Fly me to the moon

Fly me to the moon

As the race to launch mere mortals into orbit heats up, two Canadians are competing for their share of a huge tourism market-in outer space
May 2, 2005
In October 2004, aviation legend Burt Rutan’s SpaceShipOne beat out 23 competitors to capture the $10-million Ansari X Prize for the first private, manned suborbital space flights.

At that point, many observers assumed the race was over. But it was just beginning.

Rutan’s successful demonstration marked the beginning of the race for the real prize: a multi-million dollar market for commercial space tourism. And for two ambitious and ingenious Canadian entries—Golden Space Program (the da Vinci Project) and Canadian Arrow—it was a unique opportunity to get in on the outer-space action. “We’re into the marketplace now—that’s what the X Prize was all about,” says Canadian Arrow leader Geoffrey Sheerin. “The X Prize was won, but today, you still can’t personally buy a ticket and fly into space. We want to change that.”

The Ansari X Prize was first introduced in May 1996 by the X Prize Foundation, a non profit organization that promotes the formation of space tourism. The $10 million prize was modeled on the $25,000 Orteig Prize in 1927, which is credited for being the catalyst for commercial aviation. That prize was won when Charles Lindbergh in the Spirit of St. Louis, emerged from a group of nine competitors to fly non-stop between New York and Paris.

The X Prize has become a similar modern-day catalyst. The moment Rutan’s SpaceShipOne captured the prize, billionaire adventurer Sir Richard Branson—no stranger to aviation with his Virgin Atlantic Airlines—hired Rutan to build a fleet of spaceships for his new Virgin Galactic corporation to fly tourists into sub-orbital space. Now Sheerin and’s Brian Feeney are determined to beat Branson to the punch.

“When we complete our flights at the end of the year, we’ll be moving aggressively because we’re almost a year behind Richard Branson. But we hope to be there first with a more innovative concept that’s at least as competitive,” says Feeney. “We’re going to space—we’re not just playing on a world stage, we’re playing on a universal stage.”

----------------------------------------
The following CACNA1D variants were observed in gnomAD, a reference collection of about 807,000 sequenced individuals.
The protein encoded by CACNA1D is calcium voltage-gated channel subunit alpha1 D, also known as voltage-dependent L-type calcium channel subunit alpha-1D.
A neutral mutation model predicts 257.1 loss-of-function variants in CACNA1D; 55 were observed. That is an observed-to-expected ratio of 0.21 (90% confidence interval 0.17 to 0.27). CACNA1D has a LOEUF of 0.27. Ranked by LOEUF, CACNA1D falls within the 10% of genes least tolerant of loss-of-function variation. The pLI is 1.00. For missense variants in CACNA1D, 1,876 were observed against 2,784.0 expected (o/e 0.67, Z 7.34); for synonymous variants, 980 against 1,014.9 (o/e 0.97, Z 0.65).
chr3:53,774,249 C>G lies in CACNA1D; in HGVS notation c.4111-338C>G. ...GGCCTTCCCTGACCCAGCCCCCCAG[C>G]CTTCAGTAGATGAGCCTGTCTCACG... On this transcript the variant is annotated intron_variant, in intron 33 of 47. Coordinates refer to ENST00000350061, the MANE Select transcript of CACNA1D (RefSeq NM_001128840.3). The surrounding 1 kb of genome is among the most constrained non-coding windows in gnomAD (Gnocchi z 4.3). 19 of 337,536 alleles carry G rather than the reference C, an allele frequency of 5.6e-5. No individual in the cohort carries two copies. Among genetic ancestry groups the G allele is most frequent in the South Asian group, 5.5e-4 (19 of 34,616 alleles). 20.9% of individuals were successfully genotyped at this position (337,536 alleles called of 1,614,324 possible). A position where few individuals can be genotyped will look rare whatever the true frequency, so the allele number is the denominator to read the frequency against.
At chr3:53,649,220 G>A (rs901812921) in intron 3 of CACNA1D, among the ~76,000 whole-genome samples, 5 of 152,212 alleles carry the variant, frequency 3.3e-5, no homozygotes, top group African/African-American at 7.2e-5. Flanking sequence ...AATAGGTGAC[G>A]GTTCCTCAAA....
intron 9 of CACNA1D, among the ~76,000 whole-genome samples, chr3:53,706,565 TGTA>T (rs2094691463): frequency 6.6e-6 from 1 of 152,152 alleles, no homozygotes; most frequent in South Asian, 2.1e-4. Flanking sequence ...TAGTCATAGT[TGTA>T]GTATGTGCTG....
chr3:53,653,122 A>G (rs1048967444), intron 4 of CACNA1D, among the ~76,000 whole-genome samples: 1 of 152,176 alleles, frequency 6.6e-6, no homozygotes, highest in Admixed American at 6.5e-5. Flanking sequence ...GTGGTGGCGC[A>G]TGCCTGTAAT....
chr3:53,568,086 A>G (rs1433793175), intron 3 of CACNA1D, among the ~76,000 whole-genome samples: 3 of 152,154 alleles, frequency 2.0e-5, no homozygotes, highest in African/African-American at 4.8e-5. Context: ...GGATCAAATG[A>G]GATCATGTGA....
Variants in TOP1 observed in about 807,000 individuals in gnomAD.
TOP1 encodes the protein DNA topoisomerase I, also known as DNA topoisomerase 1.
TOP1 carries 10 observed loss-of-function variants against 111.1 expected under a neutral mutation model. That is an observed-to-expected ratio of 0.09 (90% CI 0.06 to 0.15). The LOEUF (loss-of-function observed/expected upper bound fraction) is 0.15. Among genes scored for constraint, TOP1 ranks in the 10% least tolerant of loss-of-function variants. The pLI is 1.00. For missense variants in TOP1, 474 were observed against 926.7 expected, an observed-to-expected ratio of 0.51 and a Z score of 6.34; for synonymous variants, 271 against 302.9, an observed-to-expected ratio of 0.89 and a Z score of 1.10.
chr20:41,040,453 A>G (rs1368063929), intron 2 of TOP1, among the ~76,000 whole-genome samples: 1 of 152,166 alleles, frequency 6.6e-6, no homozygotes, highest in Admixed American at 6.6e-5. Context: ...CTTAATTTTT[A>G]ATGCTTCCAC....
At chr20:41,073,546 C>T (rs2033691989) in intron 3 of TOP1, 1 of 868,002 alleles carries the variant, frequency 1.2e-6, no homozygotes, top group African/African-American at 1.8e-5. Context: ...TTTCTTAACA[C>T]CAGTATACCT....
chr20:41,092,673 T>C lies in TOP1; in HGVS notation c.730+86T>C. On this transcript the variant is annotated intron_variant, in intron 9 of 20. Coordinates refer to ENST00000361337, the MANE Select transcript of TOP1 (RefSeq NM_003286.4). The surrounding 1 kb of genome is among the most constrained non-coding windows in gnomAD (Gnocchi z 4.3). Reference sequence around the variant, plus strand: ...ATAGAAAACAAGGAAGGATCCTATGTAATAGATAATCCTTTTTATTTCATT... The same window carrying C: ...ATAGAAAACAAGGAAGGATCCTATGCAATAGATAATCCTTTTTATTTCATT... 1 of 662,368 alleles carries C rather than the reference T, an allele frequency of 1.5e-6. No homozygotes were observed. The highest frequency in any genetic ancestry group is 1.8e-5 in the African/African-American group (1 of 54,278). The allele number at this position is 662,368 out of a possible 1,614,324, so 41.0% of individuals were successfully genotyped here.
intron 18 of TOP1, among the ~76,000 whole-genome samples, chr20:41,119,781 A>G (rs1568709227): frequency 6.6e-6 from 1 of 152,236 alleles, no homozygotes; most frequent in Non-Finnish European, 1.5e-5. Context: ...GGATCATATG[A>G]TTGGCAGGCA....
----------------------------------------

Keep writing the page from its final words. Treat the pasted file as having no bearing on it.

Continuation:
Feeney says the da Vinci Project is still going to fly under the auspices of the X Prize, with the team’s Wildfire spacecraft taken aloft by a balloon where large thrusters will propel the ship into space. “We’re conducting the two manned flights within a two-week period,” he says. “We’ll see if we can break the turnaround record, and we’ll try to break the altitude record.”

Feeney says his team’s rocket is 80 percent complete and he intends to conduct an unmanned test flight this summer, with manned flights as early as possible within 30 to 45 days following that.

In January, Feeney unveiled his second-generation rocket to the Canadian Student Summit on Aerospace at the University of Toronto. It’s this rocket—code-named Project Tiger—that he intends to use to compete against Virgin Galactic and others. Instead of being carried aloft on a balloon, the eight-seat winged rocket will take off and land on airplane runways. “We’re looking to build the prototype in 2006, with an eye to flying it in mid-2007,” says Feeney.

The flight date for Canadian Arrow is being kept a competitive secret, but Sheerin says he has no doubt it will fly—especially since it’s an updated version of the tried and true, 60-year-old Nazi-era V-2 rocket. “We’re the only guys in the X Prize race who can actually claim that most of our technology has flown before—about 3,000 flights,” says Sheerin. “But this time around, the flights will be for good, not evil.”

Today, Canadian Arrow’s competition days are over with. Instead, the corporation is 100-percent focused on the business of carrying paying customers into space. “The strategy is to become a space corporation that generates a profit,” says Sheerin. “We’re hell-bent on making that happen.”

Sheerin sees a lengthy future for sub-orbital flight, eventually becoming a component of general aviation. In addition to tourism flights, he believes businesses like his will be the ideal place for new astronauts to earn their wings nationally, before going on to orbital space missions and beyond.

Both Canadian Arrow and da Vinci are in the hunt for enough financial support to complete their first missions. Canadian Arrow needs about $5 to $6 million. And da Vinci needs another $800,000 to $1 million. They hope to find that money from Canadian investors—either in government or the private sector.

Armed with the right financial support, there’s no telling what this ingenious pair can achieve. In fact, as they gaze out into the heavens and ponder the future, more than ever Sheerin and Feeney are sure of one thing: the sky’s the limit.

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